Fury vs Usyk fans who work for 'medium sized' businesses could be 'fired' for watching it

Tyson Fury fans who are illegally streaming the Oleksandr Usyk fight tonight have been warned over the impact of their employer. Seattle-based cyber security and tech consultant Michael Hasse claimed that both you and your employer’s data could be being breached.

Hasse explained: "I work with a number of small and medium sized businesses and their IT support and it is normal for there to be a sharp spike in the number of malware detections from 'viewers' being downloaded onto corporate systems around the time of high-profile sports events.

"So, yes, from a corporate perspective this is significant concern, and in some cases is a firing offence. For home users with less robust security systems in place - and who may also do their banking on the same computer - there is a much greater risk of infection and subsequent technical and financial damage.

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"The best option is to either pay for it from a licensed provider, or simply wait - the outcome will be the same whether you see it now or later." The fight takes place in Riyadh in Saudi Arabia and when speaking at a press conference, Fury explained: "I’m very confident in my ability and I’m very confident I’ll beat the guy.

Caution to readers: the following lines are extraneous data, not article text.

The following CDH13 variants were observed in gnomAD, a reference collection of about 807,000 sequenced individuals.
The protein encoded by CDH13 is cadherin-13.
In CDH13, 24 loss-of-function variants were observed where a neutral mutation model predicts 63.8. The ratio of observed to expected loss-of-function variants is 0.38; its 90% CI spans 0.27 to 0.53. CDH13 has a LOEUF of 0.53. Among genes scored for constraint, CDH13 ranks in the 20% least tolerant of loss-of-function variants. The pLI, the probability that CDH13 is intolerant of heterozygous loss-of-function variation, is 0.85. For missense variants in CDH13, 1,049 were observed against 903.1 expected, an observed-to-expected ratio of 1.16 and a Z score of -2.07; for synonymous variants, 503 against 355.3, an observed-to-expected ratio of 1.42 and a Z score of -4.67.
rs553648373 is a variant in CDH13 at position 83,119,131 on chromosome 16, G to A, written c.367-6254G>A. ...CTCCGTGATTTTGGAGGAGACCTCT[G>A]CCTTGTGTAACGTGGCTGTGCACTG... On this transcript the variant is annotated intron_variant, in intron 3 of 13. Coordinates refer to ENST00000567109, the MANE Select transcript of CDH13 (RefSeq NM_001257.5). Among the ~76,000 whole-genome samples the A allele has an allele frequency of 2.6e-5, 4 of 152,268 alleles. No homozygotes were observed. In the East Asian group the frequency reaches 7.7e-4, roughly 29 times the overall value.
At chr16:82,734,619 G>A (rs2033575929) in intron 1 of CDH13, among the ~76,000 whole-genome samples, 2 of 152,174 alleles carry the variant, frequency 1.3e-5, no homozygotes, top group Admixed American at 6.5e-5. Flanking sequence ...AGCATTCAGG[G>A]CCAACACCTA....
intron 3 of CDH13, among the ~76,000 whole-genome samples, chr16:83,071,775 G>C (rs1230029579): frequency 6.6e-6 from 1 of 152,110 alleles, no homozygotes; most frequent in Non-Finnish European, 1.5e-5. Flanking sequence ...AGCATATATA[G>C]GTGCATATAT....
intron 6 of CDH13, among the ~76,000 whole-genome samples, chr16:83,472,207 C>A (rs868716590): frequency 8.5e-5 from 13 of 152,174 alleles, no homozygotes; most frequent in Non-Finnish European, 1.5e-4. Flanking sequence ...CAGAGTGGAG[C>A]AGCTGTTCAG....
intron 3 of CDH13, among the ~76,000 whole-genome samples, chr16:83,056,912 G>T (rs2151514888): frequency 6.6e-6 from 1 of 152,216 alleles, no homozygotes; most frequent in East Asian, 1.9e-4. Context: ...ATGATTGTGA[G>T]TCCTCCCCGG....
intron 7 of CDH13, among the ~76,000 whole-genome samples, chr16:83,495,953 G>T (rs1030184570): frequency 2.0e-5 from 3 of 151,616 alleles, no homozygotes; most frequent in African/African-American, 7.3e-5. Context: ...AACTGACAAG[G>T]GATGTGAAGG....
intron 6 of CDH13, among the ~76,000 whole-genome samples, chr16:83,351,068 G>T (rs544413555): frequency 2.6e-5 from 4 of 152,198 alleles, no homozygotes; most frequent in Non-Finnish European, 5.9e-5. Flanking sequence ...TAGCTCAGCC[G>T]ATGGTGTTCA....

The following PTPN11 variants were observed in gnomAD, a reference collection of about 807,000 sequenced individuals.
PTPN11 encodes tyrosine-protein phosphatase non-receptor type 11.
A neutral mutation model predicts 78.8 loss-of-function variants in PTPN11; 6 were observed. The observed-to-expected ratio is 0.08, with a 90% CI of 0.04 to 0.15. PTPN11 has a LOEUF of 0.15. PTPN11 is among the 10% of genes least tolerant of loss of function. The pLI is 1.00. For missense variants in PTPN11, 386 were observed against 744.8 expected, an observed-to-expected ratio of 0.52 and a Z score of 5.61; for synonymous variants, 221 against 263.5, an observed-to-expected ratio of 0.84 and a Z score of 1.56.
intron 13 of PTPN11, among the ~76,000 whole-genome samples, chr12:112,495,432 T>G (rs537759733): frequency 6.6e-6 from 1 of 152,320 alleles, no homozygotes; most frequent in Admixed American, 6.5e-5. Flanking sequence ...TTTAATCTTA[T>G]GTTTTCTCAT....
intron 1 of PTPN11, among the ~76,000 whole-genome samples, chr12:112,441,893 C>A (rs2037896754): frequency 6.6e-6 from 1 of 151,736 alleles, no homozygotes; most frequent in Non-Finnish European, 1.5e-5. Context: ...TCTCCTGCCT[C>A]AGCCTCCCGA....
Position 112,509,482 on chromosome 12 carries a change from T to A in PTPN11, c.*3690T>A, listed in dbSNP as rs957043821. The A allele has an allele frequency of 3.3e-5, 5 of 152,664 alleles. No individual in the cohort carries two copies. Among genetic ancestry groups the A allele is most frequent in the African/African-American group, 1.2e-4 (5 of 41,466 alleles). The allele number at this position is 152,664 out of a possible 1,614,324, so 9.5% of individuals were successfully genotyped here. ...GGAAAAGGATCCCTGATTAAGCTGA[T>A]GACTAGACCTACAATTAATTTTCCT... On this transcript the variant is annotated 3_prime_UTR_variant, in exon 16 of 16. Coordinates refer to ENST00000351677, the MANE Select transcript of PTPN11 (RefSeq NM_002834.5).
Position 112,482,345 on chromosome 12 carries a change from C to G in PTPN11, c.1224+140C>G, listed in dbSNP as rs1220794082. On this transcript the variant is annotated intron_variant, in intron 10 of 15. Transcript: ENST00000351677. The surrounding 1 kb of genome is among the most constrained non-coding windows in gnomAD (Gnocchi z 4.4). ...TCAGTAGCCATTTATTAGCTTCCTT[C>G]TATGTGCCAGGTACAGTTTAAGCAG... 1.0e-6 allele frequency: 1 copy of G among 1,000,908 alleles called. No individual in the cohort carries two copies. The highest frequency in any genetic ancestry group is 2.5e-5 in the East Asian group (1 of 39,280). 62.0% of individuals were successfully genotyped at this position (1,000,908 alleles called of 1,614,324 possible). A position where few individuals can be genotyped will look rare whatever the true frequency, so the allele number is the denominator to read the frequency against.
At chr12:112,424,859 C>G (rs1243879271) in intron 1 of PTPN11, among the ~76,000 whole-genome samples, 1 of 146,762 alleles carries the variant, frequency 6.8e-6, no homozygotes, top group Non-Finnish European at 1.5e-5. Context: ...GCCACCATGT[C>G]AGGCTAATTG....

"When the cruiserweights step up to the big boys, usually they get found wanting." In a separate warning, CEO and Editor-in-Chief of Venture Smarter Jon Morgan added: "It’s important to understand that illegal streaming is just that - illegal. It infringes on copyright laws and can result in severe penalties for both the streamers and the viewers.

"These penalties can range from hefty fines to imprisonment, depending on the jurisdiction and the severity of the infringement. In some countries, copyright infringement can lead to legal actions that could potentially ruin one’s personal and professional reputation. It’s not just about the immediate financial cost, but also the long-term implications that come with having a criminal record.

"Illegal streaming sites are also often riddled with malware and other security threats. By accessing these sites, viewers expose themselves to potential cybercrimes, including identity theft and financial fraud. These sites may seem to offer a ‘free’ service, but the cost can be far greater than the £25 fee to watch the fight legally.

"The risk of having your personal information stolen and misused, or your device infected with harmful software, is a high price to pay for a few hours of entertainment."